By definition, grand challenges are “ambitious yet achievable goals that capture the public’s imagination and that require innovation and breakthroughs in science and technology to achieve” identified the attributes and benefits of grand challenges as multifold. First, the areas in which grand challenges can make a difference and impact include “…health, energy, sustainability, education, economic opportunity, national security, or human exploration”. Second, grand challenges are arduous and attainable goals. Third, grand challenges are captivating and inherently stimulating. Fourth, grand challenges are time sensitive with behaviorally specific aims. Fifth, a grand challenge framework instigates and guides the use of creative solution building across disciplines and provides evidence of progress and gains made by a professions seeking positive change.

“Grand challenges can catalyze innovations that foster economic growth and job creation, spur the formation of multidisciplinary teams of researchers, encourage multi-sector collaborations, bring new expertise to bear on important problems, strengthen the social contract between science and society, and inspire the next generation of scientists, engineers, and entrepreneurs to work on hard and important problems”.

Grand challenges as curricula enhancement strategy in schools of social work

Because of social work’s unique culture as both a pragmatic and applied profession as well as an academic discipline schools of social work are well positioned to leverage the grand challenges paradigm to build and deliver innovative mechanisms for educating social work practitioners for interprofessional behavioral health practice, as well as social work researchers who are equipped with the skills necessary to engage in translational research. Grand challenges are useful as teaching, research, and service platforms to resolve problems that adversely impact and threaten quality of life. Through multifocal applied educational approaches, students will be required to learn research supported practice approaches and to use these approaches in their field placements to implement change processes to positively impact families and youth with, or at-risk for developing behavioral health disorders.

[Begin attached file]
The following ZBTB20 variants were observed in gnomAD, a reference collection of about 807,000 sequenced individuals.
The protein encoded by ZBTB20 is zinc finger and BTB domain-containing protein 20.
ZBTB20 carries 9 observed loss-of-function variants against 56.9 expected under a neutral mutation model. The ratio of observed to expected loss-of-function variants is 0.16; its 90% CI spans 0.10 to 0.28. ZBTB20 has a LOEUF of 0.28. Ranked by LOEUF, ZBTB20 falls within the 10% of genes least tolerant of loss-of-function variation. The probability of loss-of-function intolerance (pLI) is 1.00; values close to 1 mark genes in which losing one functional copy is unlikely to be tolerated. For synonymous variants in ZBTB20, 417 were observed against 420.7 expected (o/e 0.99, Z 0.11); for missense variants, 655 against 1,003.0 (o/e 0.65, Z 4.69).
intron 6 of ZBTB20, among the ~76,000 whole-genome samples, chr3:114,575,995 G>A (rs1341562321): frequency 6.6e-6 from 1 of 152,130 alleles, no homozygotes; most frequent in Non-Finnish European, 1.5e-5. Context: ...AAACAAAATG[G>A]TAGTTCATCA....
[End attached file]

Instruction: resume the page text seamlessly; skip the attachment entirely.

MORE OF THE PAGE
The grand challenge paradigm marshals the science to address a major social problem, which includes a rigorous research agenda that informs the professional arena. In this instance, grand challenge research can accomplish this through a collaboration between educators, researchers, community based service providers, field instructors, and students seeking interprofessional behavioral health training.

To pursue grand challenges institution-wide, schools of social work will need to rethink and realign the silo context of the teaching, research, and service responsibilities of faculty to a service learning, theory-driven, problem-solution oriented practice [29] and translational research culture [30]. A grand challenge eliminates the emphasis on silos, and integrates the primary functions of instruction, research, and service into one framework. The integration of faculty responsibilities into an intersecting grand challenge paradigm would involve field-centric classroom instruction, along with service learning-single subject/group design projects, research and evaluation coaching and mentorship, and diverse community collaboration skill building of students seeking MSW and PhD degrees in social work.

Establishing social service effectiveness while increasing interprofessional skill development

The prevalence of health and behavioral health issues and disparities among children and adolescents result from five core issues that will be addressed by (a) increasing the number of interprofessionally educated social workers, (b) infusing training in best and research informed practices among trainees and field instructors, and (c) providing interprofessional field placements rife with opportunities for student trainees to implement interventions that will result in positive behavior change and a social service impact.